It’s been about a year since the first agriculture carbon sequestration program was introduced, and since then there has been a frenzy of new certification and trading programs for producers and consultants to consider.
Agriculture is responsible for about a quarter of global greenhouse gas emissions, and land-use change contributes about a quarter of those agricultural emissions. As a result, sustainability programs and business models are inextricably linked to carbon and spurring an evolution of production systems.
We’re bringing clarity to the space by assembling a panel of experts to discuss how carbon and regenerative production practices are integrated into business models of agriculture companies through each step in the value chain, percolating up from consumers, investors, grocers, food processors, grain aggregators, traders, growers, and input manufacturers.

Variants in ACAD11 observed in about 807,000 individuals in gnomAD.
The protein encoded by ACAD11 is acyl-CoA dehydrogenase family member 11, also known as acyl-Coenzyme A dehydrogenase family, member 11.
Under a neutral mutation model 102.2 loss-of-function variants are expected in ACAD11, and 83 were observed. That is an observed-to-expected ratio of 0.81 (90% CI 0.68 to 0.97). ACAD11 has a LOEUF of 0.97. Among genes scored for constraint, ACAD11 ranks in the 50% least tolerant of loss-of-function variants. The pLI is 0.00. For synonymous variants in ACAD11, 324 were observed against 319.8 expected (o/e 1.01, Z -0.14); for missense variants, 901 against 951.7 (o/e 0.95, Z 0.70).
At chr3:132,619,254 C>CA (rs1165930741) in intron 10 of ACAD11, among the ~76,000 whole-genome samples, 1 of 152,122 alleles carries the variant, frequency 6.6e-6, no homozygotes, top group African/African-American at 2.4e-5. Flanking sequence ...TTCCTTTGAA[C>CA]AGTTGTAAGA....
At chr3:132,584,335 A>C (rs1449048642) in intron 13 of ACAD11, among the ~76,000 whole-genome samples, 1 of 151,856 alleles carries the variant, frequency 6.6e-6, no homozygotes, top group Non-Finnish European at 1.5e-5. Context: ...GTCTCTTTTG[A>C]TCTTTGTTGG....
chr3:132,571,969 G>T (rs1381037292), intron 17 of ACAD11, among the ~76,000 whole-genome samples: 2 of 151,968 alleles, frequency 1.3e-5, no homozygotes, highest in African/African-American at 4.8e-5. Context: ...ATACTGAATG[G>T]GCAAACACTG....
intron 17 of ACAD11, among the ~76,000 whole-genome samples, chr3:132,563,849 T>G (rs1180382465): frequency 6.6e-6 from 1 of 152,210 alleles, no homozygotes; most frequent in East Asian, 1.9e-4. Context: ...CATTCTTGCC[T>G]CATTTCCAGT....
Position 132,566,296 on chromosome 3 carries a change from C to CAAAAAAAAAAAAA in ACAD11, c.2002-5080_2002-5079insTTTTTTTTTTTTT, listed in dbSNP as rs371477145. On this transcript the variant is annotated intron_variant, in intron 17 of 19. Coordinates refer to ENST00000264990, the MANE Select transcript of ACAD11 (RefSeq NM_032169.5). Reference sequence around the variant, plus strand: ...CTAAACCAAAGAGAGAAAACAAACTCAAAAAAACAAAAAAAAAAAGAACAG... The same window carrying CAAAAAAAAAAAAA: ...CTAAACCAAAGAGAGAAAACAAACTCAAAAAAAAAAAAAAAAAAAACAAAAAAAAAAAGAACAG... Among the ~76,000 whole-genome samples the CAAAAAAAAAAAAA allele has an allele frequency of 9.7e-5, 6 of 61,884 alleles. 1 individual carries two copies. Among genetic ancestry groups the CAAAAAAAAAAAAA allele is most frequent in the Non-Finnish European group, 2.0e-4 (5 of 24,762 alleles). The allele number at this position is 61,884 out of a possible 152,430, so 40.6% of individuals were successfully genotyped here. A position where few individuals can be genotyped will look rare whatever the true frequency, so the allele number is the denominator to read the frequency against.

Get a detailed look at what’s driving real change in agriculture production from industry leaders in this panel discussion:
Regenerative Farming & Carbon: How consumers are shaping production systems and why agribusinesses are making markets to pay farmers, meet consumer demand, and drive sustainable production.
- Learn how carbon farming and credit markets work to generate ROI for farmers while offsetting emissions for purpose-driven companies.
- How documentation and validation work through regenerative parameters. What are they and how does the documentation manifest in the downstream channel?
- Why public scrutiny on production systems is a good thing and how agriculture companies are responding to consumer demand and providing assurances.
- How eco-labels can be more collaborative and productive toward their end goals of articulating benefits to people, planet, and profit.
- How agriculture companies are preparing farmers with biological products and other tools they need, such as data management, to prepare them for rapid change in their production practices.
Register today to learn how industry players are managing and monetizing carbon, how it affects agriculture companies at all levels, and why it might be the tip of the spear that measures, validates, and markets regenerative practices.